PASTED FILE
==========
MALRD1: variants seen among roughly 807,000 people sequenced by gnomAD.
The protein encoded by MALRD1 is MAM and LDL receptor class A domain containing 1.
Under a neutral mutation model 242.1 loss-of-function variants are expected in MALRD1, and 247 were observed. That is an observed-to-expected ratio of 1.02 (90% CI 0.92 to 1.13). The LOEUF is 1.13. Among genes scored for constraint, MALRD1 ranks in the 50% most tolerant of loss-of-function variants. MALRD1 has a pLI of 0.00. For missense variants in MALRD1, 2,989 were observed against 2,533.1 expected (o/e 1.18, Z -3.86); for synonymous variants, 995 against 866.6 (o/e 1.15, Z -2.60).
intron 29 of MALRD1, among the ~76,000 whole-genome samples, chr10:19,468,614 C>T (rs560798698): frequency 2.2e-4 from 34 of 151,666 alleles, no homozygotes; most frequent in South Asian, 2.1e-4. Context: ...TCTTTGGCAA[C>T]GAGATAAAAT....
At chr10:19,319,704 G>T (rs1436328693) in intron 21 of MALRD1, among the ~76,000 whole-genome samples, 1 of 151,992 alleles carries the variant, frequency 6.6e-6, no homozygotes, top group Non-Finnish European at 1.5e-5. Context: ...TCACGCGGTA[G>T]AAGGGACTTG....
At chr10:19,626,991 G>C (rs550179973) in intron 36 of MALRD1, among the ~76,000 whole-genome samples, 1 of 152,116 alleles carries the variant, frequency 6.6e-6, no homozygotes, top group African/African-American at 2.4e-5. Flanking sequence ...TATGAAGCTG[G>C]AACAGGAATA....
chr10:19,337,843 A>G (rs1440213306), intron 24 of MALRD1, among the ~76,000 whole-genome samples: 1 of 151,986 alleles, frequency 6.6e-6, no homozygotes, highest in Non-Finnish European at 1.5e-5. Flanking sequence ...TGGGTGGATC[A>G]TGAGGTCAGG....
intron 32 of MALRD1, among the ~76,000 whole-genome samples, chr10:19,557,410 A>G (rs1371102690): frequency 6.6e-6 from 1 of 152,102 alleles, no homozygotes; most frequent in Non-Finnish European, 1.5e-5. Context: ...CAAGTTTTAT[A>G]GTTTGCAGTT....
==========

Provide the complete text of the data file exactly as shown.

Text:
MALRD1: variants seen among roughly 807,000 people sequenced by gnomAD.
The protein encoded by MALRD1 is MAM and LDL receptor class A domain containing 1.
Under a neutral mutation model 242.1 loss-of-function variants are expected in MALRD1, and 247 were observed. That is an observed-to-expected ratio of 1.02 (90% CI 0.92 to 1.13). The LOEUF is 1.13. Among genes scored for constraint, MALRD1 ranks in the 50% most tolerant of loss-of-function variants. MALRD1 has a pLI of 0.00. For missense variants in MALRD1, 2,989 were observed against 2,533.1 expected (o/e 1.18, Z -3.86); for synonymous variants, 995 against 866.6 (o/e 1.15, Z -2.60).
intron 29 of MALRD1, among the ~76,000 whole-genome samples, chr10:19,468,614 C>T (rs560798698): frequency 2.2e-4 from 34 of 151,666 alleles, no homozygotes; most frequent in South Asian, 2.1e-4. Context: ...TCTTTGGCAA[C>T]GAGATAAAAT....
At chr10:19,319,704 G>T (rs1436328693) in intron 21 of MALRD1, among the ~76,000 whole-genome samples, 1 of 151,992 alleles carries the variant, frequency 6.6e-6, no homozygotes, top group Non-Finnish European at 1.5e-5. Context: ...TCACGCGGTA[G>T]AAGGGACTTG....
At chr10:19,626,991 G>C (rs550179973) in intron 36 of MALRD1, among the ~76,000 whole-genome samples, 1 of 152,116 alleles carries the variant, frequency 6.6e-6, no homozygotes, top group African/African-American at 2.4e-5. Flanking sequence ...TATGAAGCTG[G>C]AACAGGAATA....
chr10:19,337,843 A>G (rs1440213306), intron 24 of MALRD1, among the ~76,000 whole-genome samples: 1 of 151,986 alleles, frequency 6.6e-6, no homozygotes, highest in Non-Finnish European at 1.5e-5. Flanking sequence ...TGGGTGGATC[A>G]TGAGGTCAGG....
intron 32 of MALRD1, among the ~76,000 whole-genome samples, chr10:19,557,410 A>G (rs1371102690): frequency 6.6e-6 from 1 of 152,102 alleles, no homozygotes; most frequent in Non-Finnish European, 1.5e-5. Context: ...CAAGTTTTAT[A>G]GTTTGCAGTT....